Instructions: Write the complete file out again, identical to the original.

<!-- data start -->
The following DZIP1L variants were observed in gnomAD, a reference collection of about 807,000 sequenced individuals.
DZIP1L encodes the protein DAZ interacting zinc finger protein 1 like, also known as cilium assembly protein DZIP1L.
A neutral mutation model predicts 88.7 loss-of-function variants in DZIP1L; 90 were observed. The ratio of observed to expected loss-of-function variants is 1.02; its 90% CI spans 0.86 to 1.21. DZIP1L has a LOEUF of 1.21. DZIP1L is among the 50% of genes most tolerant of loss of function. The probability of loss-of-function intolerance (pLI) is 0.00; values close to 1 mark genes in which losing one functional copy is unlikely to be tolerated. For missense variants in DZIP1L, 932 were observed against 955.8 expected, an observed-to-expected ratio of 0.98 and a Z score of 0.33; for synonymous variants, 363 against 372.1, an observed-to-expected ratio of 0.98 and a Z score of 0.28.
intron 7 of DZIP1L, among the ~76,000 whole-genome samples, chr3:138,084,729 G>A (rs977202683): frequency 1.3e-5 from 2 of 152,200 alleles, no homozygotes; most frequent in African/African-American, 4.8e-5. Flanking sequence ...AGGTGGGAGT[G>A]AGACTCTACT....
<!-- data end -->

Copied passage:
The following DZIP1L variants were observed in gnomAD, a reference collection of about 807,000 sequenced individuals.
DZIP1L encodes the protein DAZ interacting zinc finger protein 1 like, also known as cilium assembly protein DZIP1L.
A neutral mutation model predicts 88.7 loss-of-function variants in DZIP1L; 90 were observed. The ratio of observed to expected loss-of-function variants is 1.02; its 90% CI spans 0.86 to 1.21. DZIP1L has a LOEUF of 1.21. DZIP1L is among the 50% of genes most tolerant of loss of function. The probability of loss-of-function intolerance (pLI) is 0.00; values close to 1 mark genes in which losing one functional copy is unlikely to be tolerated. For missense variants in DZIP1L, 932 were observed against 955.8 expected, an observed-to-expected ratio of 0.98 and a Z score of 0.33; for synonymous variants, 363 against 372.1, an observed-to-expected ratio of 0.98 and a Z score of 0.28.
intron 7 of DZIP1L, among the ~76,000 whole-genome samples, chr3:138,084,729 G>A (rs977202683): frequency 1.3e-5 from 2 of 152,200 alleles, no homozygotes; most frequent in African/African-American, 4.8e-5. Flanking sequence ...AGGTGGGAGT[G>A]AGACTCTACT....